Where Do Jewish Laws Come From? Intro to Torah, Talmud, Halacha

Where Do Jewish Laws Come From? Intro to Torah, Talmud, Halacha


Judaism’s pretty focused on what you do
from day to day not just when and how to pray but how to eat raise kids farm cut
your fingernails if you want to learn how to live in a Jewish way you can
watch all our videos but eventually you’re gonna want to dive into Jewish
law or halacha which means the path, or the way here’s an overview – it starts with the
Torah. The Torah is the first five books of the Hebrew Bible. The Hebrew Bible
includes the Torah, the prophets, and the writings. For short you can call the
Hebrew Bible Tanakh – which stands for Torah Nevi’im and Ketuvim if you’re
Jewish saying Tanakh beats the pants off saying Old Testament, which is a
Christian term used in contrast to the New Testament. When the Hebrew Bible was
being codified there was debate over which books to include in the Canon and
there’s a whole list of books called the Apocrypha that didn’t quite make the cut
some of these books are actually in the Christian Bible – the book of Maccabees
for instance and there’s other books called the pseudepigrapha that didn’t
make it into anyone’s Bible. Inside the Hebrew Bible there are lots of laws and
stories that later generations weren’t sure how to interpret – for example the
Torah says not to work on the Sabbath but what does that mean? what’s work? does it apply to office jobs or just manual labor?
Does it include working out? So along comes six relatively short books called
the Mishnah which try to explain it in a style that’s pretty straightforward and
sparse. The Mishnah gives a list of 39 things not to do on Shabbat, like baking,
sowing, building,etc. It doesn’t really explain why those 39 activities are
forbidden it just gives the list. And then just as the Mishnah tries to
explain the Torah, there’s another set of books that attempt to explain the
Mishnah – this is called the Gemara and it’s massive. 63 tractates or sections – the Gemara elaborates on the Mishnah by going into a long conversation… so the
Mishna says simply you can’t thresh on Shabbat, ok no problem you say, but
the rabbis in the Gemara took on what does that mean for us today?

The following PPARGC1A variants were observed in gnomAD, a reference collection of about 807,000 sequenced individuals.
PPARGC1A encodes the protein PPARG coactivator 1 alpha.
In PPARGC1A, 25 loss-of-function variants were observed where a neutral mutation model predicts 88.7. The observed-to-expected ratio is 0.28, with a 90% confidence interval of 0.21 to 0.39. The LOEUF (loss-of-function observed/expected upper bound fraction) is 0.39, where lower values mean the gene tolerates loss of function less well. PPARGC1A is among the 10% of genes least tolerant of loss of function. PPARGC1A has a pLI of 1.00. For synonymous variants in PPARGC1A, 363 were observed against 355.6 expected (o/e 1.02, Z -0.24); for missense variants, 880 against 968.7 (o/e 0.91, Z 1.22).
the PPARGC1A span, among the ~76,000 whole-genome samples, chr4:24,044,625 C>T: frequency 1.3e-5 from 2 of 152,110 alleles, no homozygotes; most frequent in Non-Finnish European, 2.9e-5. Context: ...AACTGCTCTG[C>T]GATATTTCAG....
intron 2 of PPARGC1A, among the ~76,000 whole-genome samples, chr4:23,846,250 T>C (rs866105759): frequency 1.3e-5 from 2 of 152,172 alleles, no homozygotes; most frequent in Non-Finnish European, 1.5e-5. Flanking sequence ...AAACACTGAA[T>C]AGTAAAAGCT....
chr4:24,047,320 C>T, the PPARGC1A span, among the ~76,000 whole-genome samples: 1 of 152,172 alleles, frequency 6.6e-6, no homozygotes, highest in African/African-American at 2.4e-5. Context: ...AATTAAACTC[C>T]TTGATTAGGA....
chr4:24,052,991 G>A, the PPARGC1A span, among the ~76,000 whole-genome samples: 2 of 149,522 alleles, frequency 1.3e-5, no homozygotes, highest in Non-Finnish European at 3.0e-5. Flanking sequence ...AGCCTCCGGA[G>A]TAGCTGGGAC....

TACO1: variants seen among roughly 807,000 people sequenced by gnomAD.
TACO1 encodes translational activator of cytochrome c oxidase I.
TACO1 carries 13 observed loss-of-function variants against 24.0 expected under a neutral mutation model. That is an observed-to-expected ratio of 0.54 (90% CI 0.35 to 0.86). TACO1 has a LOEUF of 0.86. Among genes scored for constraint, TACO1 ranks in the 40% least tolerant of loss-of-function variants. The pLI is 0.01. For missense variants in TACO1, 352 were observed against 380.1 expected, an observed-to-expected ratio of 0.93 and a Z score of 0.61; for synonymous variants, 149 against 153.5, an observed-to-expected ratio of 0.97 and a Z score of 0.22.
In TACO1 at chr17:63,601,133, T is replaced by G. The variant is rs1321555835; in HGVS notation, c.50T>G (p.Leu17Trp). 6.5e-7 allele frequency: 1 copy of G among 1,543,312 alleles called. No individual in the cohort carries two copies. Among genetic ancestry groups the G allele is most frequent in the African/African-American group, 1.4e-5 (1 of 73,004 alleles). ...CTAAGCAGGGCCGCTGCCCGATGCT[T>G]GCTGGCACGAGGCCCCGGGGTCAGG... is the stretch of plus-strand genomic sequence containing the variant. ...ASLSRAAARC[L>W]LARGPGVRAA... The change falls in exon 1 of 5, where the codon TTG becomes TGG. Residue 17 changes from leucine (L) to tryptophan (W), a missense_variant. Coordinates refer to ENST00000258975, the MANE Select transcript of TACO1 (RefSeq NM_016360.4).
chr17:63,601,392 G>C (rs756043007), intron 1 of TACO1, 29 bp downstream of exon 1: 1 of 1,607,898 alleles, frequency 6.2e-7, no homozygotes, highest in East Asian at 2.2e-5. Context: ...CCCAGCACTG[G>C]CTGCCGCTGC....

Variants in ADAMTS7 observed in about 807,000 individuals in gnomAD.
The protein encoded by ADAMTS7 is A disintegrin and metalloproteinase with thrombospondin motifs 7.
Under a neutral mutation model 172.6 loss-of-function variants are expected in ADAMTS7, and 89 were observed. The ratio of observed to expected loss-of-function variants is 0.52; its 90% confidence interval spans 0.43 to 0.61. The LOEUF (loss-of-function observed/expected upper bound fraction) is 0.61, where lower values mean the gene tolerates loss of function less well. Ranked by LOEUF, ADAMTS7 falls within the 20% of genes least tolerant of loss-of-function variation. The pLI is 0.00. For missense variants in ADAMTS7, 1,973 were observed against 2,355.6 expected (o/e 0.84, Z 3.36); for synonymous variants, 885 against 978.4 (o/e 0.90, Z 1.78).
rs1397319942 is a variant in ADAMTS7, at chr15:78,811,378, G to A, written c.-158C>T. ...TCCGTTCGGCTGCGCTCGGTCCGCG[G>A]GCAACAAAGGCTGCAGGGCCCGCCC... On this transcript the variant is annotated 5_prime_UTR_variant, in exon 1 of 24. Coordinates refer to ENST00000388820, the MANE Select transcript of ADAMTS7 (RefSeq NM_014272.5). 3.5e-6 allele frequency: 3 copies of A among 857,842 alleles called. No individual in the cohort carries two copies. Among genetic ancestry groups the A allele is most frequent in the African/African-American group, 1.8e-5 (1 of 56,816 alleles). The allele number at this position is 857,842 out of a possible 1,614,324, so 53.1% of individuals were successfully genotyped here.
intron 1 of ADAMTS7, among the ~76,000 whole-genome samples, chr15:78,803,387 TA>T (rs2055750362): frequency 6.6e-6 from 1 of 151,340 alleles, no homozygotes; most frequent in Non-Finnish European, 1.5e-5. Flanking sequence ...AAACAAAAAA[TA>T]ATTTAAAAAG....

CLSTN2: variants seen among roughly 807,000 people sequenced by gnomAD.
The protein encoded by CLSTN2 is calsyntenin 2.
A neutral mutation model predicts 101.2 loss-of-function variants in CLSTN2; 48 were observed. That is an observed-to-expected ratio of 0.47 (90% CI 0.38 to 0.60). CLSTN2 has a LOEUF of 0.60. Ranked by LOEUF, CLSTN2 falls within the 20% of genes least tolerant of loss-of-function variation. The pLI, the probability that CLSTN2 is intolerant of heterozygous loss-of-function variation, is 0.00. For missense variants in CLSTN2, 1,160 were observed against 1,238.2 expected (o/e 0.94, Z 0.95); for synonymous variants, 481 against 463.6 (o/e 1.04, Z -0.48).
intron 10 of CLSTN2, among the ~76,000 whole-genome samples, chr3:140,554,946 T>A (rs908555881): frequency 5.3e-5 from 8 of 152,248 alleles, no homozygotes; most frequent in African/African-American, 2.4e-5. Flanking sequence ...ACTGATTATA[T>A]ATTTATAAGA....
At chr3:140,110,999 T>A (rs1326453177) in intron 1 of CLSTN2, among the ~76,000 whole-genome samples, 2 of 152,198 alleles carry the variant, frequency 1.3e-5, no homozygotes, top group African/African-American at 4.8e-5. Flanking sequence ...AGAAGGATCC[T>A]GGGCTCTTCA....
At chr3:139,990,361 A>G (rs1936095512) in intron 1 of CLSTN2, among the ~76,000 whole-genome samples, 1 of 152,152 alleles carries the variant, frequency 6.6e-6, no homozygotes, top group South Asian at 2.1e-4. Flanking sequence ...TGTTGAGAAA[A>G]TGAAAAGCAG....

and they extrapolated well you can’t just avoid threshing grain…the act of
removing a seed kernel from its tough outer layer is a lot like shucking corn
so let’s not do that either You also can’t wring out a washcloth or
squeeze lemon into your tea Extrapolation! Together the Mishnah and
Gemara are called the Talmud there two Talmuds… the babylonian or the Bavli
and the Jerusalem edition or the Yerushalmi Same basic idea but they were
put together in two different locations so they have some really interesting
variations. the Talmud is so large that yet another set of texts came along to
simplify and codify IT – the Mishnah Torah and the Shulchan Aruch. And yet if you spent
years making your way through all those texts you still wouldn’t know everything
Jewish, like say whether escalators are allowed on Shabbat. So along comes modern
Jewish case law. People send questions about specific situations to an expert
and receive written answers called responsa – you can look up response online and they cover everything from immunizations to gambling to escalators. The
written Torah is considered sacred obviously and Jews view all the texts
that came after a sacred also they are known as Oral Torah.
Jewish law is not frozen in time it’s continuing to unfold today. Local
communities are empowered to study and interpret halacha – this varies a lot in
different branches of Judaism. Today in some communities all the texts that
we’ve discussed are considered binding and if there’s a question about them you
go to your local rabbi whose decisions are binding. In other communities people
are individually free to study and make their own decisions about halachah. These
really different approaches to understanding and observing Jewish law
are one of the main differences behind different Jewish movements. Subscribe to this channel (BimBam) to get more Judaism 101 videos as they come out

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